Stem cells and their children – who inherits what?

Author: David Kent, 05/05/15


One of the most fascinating questions for me, since I entered the field of stem cell biology, has been how a stem cell chooses what to do when it divides. I’ve looked down the microscope at single cells, which look like little air bubbles for the most part, watched them divide into two more or less similar little air bubbles, and then put them both separately into stem cell assays with only one of them retaining stem cell potential. This has always made me wonder: what does one sack of air contain that the other has lost?

One of the most thought-provoking illustrations I came across during my training was by Tim Brummendorf and Peter Lansdorp, which contemplated the multiple ways a stem cell might partition its various constituent parts. Much work over the last 10-15 years has focused on isolating stem cells and non-stem cells and asking what makes them different. Such efforts are often hampered by impure cell populations (e.g., non-stem cells mixed in with stem cells) and, in many tissues, a lack of stringent functional assays to detect stem cell properties.

Practically, the lowest hanging fruit for scientists is the set of molecules most easily observed via new technologies. Molecular tools to amplify and compare DNA and RNA make it possible to study the global changes in genes expressed in one cell type compared to another and antibody technologies have allowed for the assessment of different protein segregation, including observation by time lapse imaging.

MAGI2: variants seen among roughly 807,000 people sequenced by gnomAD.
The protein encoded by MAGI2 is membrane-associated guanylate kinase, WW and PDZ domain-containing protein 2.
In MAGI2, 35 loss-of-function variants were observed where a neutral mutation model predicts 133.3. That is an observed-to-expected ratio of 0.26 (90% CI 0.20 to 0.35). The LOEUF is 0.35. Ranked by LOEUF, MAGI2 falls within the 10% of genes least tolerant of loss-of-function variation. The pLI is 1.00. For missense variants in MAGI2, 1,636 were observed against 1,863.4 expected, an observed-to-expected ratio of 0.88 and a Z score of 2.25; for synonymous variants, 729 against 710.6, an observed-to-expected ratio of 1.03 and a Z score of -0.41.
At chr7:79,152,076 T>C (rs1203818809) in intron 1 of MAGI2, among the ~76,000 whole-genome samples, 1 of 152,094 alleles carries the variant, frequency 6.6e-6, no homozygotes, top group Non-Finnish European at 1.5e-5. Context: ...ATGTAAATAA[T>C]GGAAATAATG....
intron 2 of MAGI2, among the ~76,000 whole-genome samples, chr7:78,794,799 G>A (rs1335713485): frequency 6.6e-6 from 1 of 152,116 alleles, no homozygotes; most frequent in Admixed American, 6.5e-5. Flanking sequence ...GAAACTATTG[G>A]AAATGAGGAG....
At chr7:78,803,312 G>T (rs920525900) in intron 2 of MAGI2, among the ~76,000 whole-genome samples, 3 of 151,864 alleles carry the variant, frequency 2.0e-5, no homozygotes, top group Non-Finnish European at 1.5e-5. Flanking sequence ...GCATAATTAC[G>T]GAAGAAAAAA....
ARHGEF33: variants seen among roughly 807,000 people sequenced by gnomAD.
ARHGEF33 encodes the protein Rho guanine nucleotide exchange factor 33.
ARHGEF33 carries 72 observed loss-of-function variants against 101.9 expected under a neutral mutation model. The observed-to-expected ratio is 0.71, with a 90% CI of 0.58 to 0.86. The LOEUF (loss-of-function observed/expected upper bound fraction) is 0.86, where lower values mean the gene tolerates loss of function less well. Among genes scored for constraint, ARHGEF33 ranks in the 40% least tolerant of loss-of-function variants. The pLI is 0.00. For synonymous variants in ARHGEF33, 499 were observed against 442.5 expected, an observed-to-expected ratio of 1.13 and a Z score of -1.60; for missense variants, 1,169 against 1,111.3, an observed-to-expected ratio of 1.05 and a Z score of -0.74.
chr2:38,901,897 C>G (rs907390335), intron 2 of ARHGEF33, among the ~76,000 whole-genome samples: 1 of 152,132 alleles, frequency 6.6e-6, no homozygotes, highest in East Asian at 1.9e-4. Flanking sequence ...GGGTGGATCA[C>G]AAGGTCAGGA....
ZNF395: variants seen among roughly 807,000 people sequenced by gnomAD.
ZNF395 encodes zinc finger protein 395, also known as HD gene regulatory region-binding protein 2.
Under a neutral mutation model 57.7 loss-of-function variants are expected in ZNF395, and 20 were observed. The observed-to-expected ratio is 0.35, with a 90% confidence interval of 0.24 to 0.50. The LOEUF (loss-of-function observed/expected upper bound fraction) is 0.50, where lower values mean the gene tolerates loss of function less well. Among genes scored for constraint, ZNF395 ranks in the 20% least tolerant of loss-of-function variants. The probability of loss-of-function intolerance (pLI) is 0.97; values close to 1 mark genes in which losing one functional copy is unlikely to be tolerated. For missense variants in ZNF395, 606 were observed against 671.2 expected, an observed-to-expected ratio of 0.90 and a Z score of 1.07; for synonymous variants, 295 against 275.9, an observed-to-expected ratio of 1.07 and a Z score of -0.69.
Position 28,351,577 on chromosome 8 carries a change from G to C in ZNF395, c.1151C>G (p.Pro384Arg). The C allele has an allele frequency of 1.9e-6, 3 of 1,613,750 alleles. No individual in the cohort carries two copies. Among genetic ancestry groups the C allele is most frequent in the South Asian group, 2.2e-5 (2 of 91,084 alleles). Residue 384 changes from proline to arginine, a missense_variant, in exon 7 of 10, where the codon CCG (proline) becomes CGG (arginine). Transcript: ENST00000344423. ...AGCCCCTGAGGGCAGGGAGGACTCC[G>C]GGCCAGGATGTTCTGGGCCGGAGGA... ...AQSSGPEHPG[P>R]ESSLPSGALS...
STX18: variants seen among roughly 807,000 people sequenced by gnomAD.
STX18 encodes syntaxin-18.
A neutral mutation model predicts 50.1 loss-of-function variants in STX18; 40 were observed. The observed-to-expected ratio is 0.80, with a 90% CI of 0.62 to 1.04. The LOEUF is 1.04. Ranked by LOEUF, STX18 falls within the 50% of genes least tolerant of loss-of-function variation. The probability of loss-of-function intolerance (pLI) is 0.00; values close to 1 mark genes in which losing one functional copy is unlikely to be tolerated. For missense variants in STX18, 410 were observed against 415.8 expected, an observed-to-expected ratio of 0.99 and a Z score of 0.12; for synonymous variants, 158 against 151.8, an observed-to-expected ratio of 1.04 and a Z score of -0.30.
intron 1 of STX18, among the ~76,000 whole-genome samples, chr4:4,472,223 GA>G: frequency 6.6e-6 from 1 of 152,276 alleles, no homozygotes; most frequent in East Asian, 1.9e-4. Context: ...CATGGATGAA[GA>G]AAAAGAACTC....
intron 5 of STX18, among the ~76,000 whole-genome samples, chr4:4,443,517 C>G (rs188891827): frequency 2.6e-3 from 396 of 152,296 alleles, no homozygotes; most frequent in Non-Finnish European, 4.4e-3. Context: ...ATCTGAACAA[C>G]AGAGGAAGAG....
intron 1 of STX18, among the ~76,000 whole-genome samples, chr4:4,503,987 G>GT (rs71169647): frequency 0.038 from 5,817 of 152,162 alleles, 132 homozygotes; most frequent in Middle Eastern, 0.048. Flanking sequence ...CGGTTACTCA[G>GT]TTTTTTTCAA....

However, very little work in mammalian cell systems has focused on the second of the Brummendorf/Lansdorp suggestions – the asymmetric partitioning of cellular organelles. While some work has been done in worms and flies, virtually nothing has been done in higher order mammals when it comes to assessing where the bits inside cells get distributed, until now. A recent study has emerged from Science magazine where scientists have explored organelle partitioning in human mammary cell lines.

In their study, Katajisto et al., from the Whitehead Institute at the Massachusetts Institute of Technology in Boston, use light activated marker proteins to monitor the age of cell organelles in human breast tissue derived cell lines and track their distribution into daughter cells. As expected, organelle distribution was not different in the majority of cells, but a subset of daughter cells showed differences. Those daughters that retained more newly generated organelles and fewer older organelles were also endowed with more stem cell-like properties (in this case, the ability to make colonies of mammary cells in culture).

I would note that this study is pitched as a stem cell story and implies that stem cell fate could be governed by asymmetric partitioning of one such organelle type (e.g., mitochondria). However, these studies are undertaken in an immortalized cell line and the readout is a colony assay, which many non-stem cells would also successfully pass, so the relevance of these studies to actual human stem cell biology is questionable. Still, it is incredibly interesting to see this kind of work being undertaken in mammalian cell systems of any sort since, if true, manipulating the distribution of organelles could be the key to controlling stem cell fate choice. I hope to see more such studies in the future, in an effort to understand what makes one sack of air different to the other.

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David Kent

David Kent

Postdoctoral Fellow at University of Cambridge
Dr. David Kent is a group leader at the University of Cambridge in the Cambridge Stem Cell Institute ( His laboratory's research focuses on fate choice in single blood stem cells and how changes in their regulation lead to cancers. David is currently the Stem Cell Institute’s Public Engagement Champion and has a long history of public engagement and outreach including the creation of The Black Hole in 2009. He has been writing for Signals since 2010.
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